Had Mr Martin commenced divorce proceedings, then a final financial order would have been made which would (upon Decree Absolute) been a final settlement between himself and Mrs Martin. The Decree Absolute would have revoked provision for his wife in his will. However, this may have meant that his estate would have been left to his twin daughters and same the problem may have still arisen in relation to Ms Williams on the basis that he had not updated his will.
When deciding to live together couples need to have frank conversations regarding financial issues and document their intentions. There is no such thing as a common law husband or wife! Do not rely upon a myth to protect you.
Ask about your partner’s status – are they married? Consider the implications of that. If moving into a property owned by a partner, how is it owned by them? Consider what will happen upon separation or, even worse, their death.
If you are making a financial contribution into a property owned by your partner, ensure that you spend some of that money getting proper legal advice and documentation to prove the investment and your respective intentions, in order to protect you in the future in the event of a separation or death.
There will always be excuses as to why a cohabitation agreement is not drawn up (usually financial constraints) or perhaps with a married partner not being able to divorce due to costs, but in a committed and loving relationship it would be hoped that a sensible “what if?” conversation could be had and appropriate provision made.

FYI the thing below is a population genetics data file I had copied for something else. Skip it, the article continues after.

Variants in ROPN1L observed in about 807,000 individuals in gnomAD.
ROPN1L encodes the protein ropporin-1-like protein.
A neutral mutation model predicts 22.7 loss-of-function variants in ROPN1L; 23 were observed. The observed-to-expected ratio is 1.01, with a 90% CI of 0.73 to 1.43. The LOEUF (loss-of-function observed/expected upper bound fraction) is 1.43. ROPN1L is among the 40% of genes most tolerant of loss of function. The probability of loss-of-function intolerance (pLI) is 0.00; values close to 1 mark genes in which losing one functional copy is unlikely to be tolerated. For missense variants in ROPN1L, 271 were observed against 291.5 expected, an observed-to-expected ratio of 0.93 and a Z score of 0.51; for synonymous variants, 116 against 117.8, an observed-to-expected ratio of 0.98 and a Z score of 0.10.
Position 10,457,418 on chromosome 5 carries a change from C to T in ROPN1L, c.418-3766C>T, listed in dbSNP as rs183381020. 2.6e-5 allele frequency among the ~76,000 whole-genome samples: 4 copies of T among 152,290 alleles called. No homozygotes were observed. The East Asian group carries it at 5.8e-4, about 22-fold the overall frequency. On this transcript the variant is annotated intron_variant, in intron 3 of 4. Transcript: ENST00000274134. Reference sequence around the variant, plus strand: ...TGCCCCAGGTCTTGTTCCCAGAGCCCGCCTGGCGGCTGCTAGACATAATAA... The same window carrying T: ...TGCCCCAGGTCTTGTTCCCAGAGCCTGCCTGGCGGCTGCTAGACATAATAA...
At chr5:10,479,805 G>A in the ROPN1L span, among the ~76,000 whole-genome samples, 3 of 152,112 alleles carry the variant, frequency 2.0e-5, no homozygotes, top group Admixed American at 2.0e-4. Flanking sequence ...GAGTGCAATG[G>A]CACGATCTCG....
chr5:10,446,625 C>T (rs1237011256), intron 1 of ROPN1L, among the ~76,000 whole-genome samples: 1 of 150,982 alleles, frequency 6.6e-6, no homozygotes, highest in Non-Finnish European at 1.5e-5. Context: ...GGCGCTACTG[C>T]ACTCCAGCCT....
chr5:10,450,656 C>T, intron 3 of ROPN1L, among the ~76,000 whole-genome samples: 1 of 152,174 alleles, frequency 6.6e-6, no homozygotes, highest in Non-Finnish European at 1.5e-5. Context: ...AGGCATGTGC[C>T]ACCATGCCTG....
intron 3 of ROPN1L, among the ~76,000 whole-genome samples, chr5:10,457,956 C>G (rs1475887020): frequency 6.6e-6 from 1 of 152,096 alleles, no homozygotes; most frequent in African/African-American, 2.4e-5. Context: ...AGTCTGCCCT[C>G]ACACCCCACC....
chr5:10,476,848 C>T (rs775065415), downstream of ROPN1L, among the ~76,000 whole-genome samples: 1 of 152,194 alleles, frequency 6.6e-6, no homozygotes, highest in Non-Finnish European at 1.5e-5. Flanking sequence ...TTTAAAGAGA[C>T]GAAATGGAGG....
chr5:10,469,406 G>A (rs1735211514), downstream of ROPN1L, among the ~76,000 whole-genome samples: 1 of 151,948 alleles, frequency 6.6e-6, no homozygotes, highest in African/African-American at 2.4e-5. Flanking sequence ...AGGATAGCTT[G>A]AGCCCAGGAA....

I have found in the past year an increasing number of married clients who have instructed me where they have been separated for many years but have done nothing about it formally. Whilst many will have separated their financial positions in terms of capital assets, many others have not. Many of these clients have formed new relationships and are living unaware of the problems that may be caused by a sudden death and not having made up to date provision for current partners. A pension can be a hugely valuable asset within a divorce case and, unless specific nominations have been made, will be payable to a spouse upon death as opposed to a new partner. I have recently been asked to try and rush through a divorce where the parties separated over 15 years ago and resolved their capital issues at the time, but agreed to leave pension claims open (to see how the pension sharing legislation worked out) but then moved in with new partners and forgot about it. The husband has just been diagnosed with a terminal illness and having spoken to the pension trustees has found that he cannot leave his pension to his new (younger) partner, due to their rules on paying funds out to a spouse only.
Will the law be reformed anytime soon? I suggest not, despite the increasing number of people living as cohabitants, changing the law to provide rights of cohabitants is not a vote winner and further there are many ways in which an individual can secure their own position such as ensuring property interests are recorded or ensuring up to date wills are completed.
If any of the above circumstances affect you and you would like advice then please email firstname.lastname@example.org or call 0333 0060847.